The federal debt is set to rise over the coming decades to the highest levels since World War II, as falling tax revenue and increased spending look likely to worsen the nation’s fiscal outlook, according to a report released Tuesday by the Congressional Budget Office.
In 2019, the debt held by the public is projected to amount to 78 percent of the nation’s gross domestic product, compared with 35 percent in 2007. That number is set to increase to 92 percent by the end of next decade, as well as 144 percent by 2049, the report says.
“That level of debt would be the highest in the nation’s history by far, and it would be on track to increase even more,” the CBO report says. “The prospect of such high and rising debt poses substantial risks for the nation, and presents policymakers with significant challenges.”
Decreasing federal tax revenue is expected to widen the nation’s deficit, particularly in the short term. In 2017, federal tax revenue amounted to 17.3 percent of the nation’s GDP. In 2019, two years after passage of President Trump’s $1.5 trillion tax cut, that number that fell to 16.5 percent.
But spending is the bigger problem in the long term, with the CBO expecting it to rise from 20.7 percent of GDP this year to 27.1 percent by 2049. Much of that increase is driven by higher health-care costs, with ballooning charges and the nation’s aging population expected to drive up spending on Medicare, the nation’s health insurance program for senior citizens.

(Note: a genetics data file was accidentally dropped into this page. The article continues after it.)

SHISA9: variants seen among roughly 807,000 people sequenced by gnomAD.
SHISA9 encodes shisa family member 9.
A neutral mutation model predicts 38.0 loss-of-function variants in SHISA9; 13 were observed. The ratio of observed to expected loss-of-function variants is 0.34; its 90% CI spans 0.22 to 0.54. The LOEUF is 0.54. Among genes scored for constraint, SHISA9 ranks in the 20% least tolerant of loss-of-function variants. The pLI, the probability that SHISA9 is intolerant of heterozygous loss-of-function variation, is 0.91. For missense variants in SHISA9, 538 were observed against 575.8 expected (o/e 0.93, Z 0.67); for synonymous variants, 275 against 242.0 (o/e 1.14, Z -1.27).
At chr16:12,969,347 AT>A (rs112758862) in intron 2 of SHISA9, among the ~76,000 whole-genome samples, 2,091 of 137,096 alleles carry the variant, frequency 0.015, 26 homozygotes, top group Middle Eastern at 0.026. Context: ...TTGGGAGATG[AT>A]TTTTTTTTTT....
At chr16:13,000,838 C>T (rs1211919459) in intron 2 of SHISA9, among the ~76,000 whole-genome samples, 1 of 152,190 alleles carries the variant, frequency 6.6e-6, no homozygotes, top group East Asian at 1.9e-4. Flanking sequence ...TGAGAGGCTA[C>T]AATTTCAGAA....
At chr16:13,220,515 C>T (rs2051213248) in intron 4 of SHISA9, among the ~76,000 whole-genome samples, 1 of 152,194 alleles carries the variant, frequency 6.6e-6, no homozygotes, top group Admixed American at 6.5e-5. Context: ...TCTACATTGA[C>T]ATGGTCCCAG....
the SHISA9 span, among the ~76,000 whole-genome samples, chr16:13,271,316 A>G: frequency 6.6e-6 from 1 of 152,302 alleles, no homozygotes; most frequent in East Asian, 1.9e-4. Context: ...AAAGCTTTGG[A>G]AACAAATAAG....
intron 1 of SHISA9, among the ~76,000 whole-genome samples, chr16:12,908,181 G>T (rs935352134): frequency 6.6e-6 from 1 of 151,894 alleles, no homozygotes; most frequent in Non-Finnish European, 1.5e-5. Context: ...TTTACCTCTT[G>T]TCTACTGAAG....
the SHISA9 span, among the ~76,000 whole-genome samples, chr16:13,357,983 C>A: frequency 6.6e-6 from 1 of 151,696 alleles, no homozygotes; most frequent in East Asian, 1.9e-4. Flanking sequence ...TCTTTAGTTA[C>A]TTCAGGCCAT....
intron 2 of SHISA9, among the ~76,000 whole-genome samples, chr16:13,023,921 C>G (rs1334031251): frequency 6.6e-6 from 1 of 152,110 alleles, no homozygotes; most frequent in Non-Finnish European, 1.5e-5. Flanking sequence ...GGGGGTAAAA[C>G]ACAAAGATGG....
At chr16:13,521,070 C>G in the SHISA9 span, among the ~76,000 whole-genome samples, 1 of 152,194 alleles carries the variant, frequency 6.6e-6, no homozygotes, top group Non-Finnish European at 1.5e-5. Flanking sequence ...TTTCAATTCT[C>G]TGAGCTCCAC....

The CBO’s projections of the nation’s debt-to-GDP ratio are slightly smaller than last year’s, in part because interest rates have remained lower than previously projected. The CBO’s report also reflects lower-than-expected spending over the past year on some federal expenses, such as fighting fires.
The highest U.S. debt-to-GDP ratio was 106 percent, reached in 1946. That number was prompted by a spending push to fund World War II, and other spikes in the debt have been driven by economic downturns.
But the United States is set to surpass that record in 2037, when the debt-to-GDP number reaches 108 percent, according to the CBO. The current high debt levels come amid a relatively healthy economy, suggesting a structural gap between how much the country collects in taxes and how much it spends.
The debt-to-GDP measurement compares the overall amount of debt held by the federal government with the size of the U.S. economy. Economists use the comparison, which takes into account inflation and overall economic growth, to illustrate the scope of the deficit.
The report also points to a major decision for lawmakers over whether to extend much of the 2017 Republican tax law, which included numerous provisions set to expire in 2025. Twenty-three provisions in the tax law related to individual income taxes are set to end that year, according to the Tax Foundation, a conservative think tank.